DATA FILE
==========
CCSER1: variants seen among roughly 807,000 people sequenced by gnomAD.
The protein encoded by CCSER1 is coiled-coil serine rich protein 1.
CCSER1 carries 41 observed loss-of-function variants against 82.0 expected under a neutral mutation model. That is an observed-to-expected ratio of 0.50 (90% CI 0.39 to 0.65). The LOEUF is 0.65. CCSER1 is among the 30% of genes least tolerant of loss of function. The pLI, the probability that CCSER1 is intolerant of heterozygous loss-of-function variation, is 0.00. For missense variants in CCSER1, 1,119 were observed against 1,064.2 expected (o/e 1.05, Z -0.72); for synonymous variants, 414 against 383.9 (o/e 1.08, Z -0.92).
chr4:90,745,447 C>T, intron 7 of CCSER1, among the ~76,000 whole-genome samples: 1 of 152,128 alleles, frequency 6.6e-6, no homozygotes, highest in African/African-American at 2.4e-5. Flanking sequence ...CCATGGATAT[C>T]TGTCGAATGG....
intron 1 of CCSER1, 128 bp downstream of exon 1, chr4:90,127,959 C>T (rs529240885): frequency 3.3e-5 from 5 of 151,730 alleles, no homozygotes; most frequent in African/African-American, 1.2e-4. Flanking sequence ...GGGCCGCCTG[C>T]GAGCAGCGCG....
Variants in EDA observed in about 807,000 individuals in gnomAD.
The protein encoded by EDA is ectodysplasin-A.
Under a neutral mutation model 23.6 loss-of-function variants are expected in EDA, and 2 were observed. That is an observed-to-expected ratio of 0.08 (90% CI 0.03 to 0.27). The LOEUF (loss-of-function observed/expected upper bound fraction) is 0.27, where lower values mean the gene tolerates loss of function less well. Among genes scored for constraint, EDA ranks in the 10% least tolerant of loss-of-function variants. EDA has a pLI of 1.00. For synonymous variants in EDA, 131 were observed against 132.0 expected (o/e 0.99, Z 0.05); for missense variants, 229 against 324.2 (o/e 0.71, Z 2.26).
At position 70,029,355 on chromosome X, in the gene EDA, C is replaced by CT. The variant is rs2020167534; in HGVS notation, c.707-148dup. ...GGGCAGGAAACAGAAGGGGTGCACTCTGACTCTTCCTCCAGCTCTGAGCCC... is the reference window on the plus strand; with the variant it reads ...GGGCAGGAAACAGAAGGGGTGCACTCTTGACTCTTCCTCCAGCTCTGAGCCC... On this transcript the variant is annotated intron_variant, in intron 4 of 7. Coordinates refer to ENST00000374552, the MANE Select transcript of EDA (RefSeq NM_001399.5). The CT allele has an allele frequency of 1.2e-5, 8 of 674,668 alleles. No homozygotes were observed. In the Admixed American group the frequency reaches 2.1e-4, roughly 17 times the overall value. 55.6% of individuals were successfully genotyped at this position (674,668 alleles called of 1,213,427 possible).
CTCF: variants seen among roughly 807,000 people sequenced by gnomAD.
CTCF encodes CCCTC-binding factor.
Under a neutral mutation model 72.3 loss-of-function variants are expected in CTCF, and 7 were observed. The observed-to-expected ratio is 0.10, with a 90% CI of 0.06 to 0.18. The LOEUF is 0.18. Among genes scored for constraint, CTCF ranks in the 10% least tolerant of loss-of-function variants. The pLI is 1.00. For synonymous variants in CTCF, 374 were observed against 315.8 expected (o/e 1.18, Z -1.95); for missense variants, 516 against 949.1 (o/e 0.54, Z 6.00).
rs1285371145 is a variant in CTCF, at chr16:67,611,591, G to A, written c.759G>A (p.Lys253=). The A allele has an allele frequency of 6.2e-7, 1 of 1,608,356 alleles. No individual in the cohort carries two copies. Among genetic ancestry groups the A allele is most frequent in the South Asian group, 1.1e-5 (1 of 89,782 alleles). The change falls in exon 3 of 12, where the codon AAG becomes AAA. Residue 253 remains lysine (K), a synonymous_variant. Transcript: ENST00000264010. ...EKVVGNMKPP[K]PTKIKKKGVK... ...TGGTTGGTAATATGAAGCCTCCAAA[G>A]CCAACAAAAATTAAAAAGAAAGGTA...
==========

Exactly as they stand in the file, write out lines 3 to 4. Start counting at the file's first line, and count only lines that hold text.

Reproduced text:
CCSER1 carries 41 observed loss-of-function variants against 82.0 expected under a neutral mutation model. That is an observed-to-expected ratio of 0.50 (90% CI 0.39 to 0.65). The LOEUF is 0.65. CCSER1 is among the 30% of genes least tolerant of loss of function. The pLI, the probability that CCSER1 is intolerant of heterozygous loss-of-function variation, is 0.00. For missense variants in CCSER1, 1,119 were observed against 1,064.2 expected (o/e 1.05, Z -0.72); for synonymous variants, 414 against 383.9 (o/e 1.08, Z -0.92).
chr4:90,745,447 C>T, intron 7 of CCSER1, among the ~76,000 whole-genome samples: 1 of 152,128 alleles, frequency 6.6e-6, no homozygotes, highest in African/African-American at 2.4e-5. Flanking sequence ...CCATGGATAT[C>T]TGTCGAATGG....